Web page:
I realise that the reader who comes to a page like this is unlikely to be swayed by such misinformation, but I nevertheless want to remind you that the reason that herbs cannot be patented or owned by any individual or corporation is that they are the people's medicine. They belong to us all and it is my great hope that you will learn how to use them safely and wisely for yourself and the people you care for. Be safe but do not be afraid.


Personal experiences

I have used Cordyceps for a great many patients and have developed a strong trust in its ability to deliver a potent tonic action when needed. The people I most often use it for have a weakening in their heart, lungs or kidneys that may sometimes be obvious in their health problems or may simply show in their complexion, the appearance of their tongue or the sound of their heart. If they are quite unwell I will use two concentrated capsules of Cordyceps twice a day until they are noticeably improved then reduce the dose to just two a day if we need to keep the tonic effect going for some time.

There are many Cordyceps products on the market. Like every other herb it is truly a case of caveat emptor (buyer beware) and you should know that historically there has been a great deal of adulteration and frank dishonesty in the supply of Cordyceps. In my personal opinion I believe that, at the time of writing, the best place to get Cordyceps is from JHS in the USA. This is a company that only does mushrooms and it does them really well (disclaimer: I have no financial interest in this company other than that I use their products) JHS ship all over the world so if you do not have a herbalist or herbal supplier that already have them or can get them for you then you will still be able to do it yourself.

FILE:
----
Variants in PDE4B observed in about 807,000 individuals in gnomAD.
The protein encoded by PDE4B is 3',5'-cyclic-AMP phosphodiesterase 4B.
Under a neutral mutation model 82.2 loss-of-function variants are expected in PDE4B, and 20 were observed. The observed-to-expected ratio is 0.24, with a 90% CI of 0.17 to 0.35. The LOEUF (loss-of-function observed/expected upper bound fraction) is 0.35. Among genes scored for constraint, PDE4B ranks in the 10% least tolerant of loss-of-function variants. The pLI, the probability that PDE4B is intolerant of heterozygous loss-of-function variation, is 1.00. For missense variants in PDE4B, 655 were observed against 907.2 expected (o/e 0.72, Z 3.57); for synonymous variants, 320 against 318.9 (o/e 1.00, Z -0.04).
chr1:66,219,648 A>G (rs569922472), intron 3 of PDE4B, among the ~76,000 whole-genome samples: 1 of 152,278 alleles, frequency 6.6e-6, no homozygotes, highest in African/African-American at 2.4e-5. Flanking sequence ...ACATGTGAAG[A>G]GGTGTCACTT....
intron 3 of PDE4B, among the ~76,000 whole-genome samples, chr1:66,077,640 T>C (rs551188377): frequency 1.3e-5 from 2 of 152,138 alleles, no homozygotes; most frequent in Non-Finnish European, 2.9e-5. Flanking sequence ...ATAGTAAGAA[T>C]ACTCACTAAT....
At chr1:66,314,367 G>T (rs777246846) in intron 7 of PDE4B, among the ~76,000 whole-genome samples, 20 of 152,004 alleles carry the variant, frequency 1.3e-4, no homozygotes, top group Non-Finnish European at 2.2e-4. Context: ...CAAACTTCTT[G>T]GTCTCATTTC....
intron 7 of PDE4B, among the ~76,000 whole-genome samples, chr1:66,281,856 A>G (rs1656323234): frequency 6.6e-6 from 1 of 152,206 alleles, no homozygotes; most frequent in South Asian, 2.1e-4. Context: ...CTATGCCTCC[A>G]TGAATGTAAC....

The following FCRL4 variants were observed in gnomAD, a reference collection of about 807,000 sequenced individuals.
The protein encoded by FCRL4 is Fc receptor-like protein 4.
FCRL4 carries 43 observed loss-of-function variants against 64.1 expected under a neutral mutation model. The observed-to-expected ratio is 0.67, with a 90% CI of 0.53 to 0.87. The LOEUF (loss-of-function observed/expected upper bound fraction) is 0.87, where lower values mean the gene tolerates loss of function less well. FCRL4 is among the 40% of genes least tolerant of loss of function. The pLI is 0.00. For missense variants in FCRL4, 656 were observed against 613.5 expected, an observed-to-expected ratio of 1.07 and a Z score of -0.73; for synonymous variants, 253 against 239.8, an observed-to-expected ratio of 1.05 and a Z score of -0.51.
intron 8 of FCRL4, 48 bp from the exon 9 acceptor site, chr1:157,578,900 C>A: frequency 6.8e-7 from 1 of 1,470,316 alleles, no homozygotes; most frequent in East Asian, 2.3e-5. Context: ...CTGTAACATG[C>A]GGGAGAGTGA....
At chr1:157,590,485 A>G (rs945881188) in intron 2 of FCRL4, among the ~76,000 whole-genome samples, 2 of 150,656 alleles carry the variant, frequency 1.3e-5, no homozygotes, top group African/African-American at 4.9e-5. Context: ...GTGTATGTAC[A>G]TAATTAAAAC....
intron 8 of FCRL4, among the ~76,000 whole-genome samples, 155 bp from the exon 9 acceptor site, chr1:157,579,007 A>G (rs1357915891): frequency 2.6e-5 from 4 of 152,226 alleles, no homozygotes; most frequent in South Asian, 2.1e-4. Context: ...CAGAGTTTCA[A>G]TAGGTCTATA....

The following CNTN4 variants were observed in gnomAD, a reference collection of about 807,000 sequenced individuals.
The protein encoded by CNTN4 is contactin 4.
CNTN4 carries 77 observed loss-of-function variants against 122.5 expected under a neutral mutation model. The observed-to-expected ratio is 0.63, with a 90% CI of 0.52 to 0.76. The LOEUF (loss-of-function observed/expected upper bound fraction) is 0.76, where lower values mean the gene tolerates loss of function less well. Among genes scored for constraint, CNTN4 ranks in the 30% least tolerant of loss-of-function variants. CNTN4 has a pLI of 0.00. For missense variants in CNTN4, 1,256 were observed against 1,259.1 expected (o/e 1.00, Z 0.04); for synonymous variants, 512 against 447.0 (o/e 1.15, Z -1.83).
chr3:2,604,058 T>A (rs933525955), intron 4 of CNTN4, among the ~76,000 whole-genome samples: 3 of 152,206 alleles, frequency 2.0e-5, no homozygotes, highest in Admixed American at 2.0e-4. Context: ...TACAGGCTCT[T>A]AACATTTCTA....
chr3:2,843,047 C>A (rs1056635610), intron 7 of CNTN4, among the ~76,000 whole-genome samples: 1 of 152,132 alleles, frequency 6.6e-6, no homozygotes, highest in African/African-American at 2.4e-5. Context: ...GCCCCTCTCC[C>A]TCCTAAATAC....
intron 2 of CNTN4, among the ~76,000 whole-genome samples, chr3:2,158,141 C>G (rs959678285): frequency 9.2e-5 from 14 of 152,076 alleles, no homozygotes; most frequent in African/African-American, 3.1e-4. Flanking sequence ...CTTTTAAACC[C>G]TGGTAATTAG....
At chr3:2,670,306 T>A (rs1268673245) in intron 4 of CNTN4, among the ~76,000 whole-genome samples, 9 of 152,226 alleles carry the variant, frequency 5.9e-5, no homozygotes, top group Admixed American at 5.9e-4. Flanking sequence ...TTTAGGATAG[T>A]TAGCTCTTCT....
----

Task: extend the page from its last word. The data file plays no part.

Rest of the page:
Cordyceps combines perfectly with, Panax Ginseng and Withania as general health and energy tonics. I think it also works beautifully with Juniper for the kidneys and with Hawthorn for the heart.


Constitutional note

Much of the information here about the traditional uses of Cordyceps is consistent with the model of thinking whereby one may treat problem A with plant B.

There is value in this approach, especially in how it helps us pass on useful knowledge to one another, but it falls short in one vital area; and that is that people are not all cut from the same cloth! Something that works brilliantly for one person may do less for another- why is this?

Part of the reason is that people vary in their constitutions as to whether they are either hotter or cooler and, at the same time, either dryer or damper. This useful and rather fascinating subject is introduced further here

Another big part of using the right herb when it is most needed comes from understanding the need to treat what is going wrong for the person that had led up to their getting a health condition. In this light, Cordyceps can particularly offer its benefits when a nourishing action is needed in the 'cycle of healing', more about this here

Please understand that I cannot advise you, including on products or dosage, without seeing you in person in my clinic but for ideas on how you might find a good herbalist in your area read here

This living 'book' is my labour of love so, wherever you are, I wish you peace & good health!



© 2011 R.J.Whelan Ltd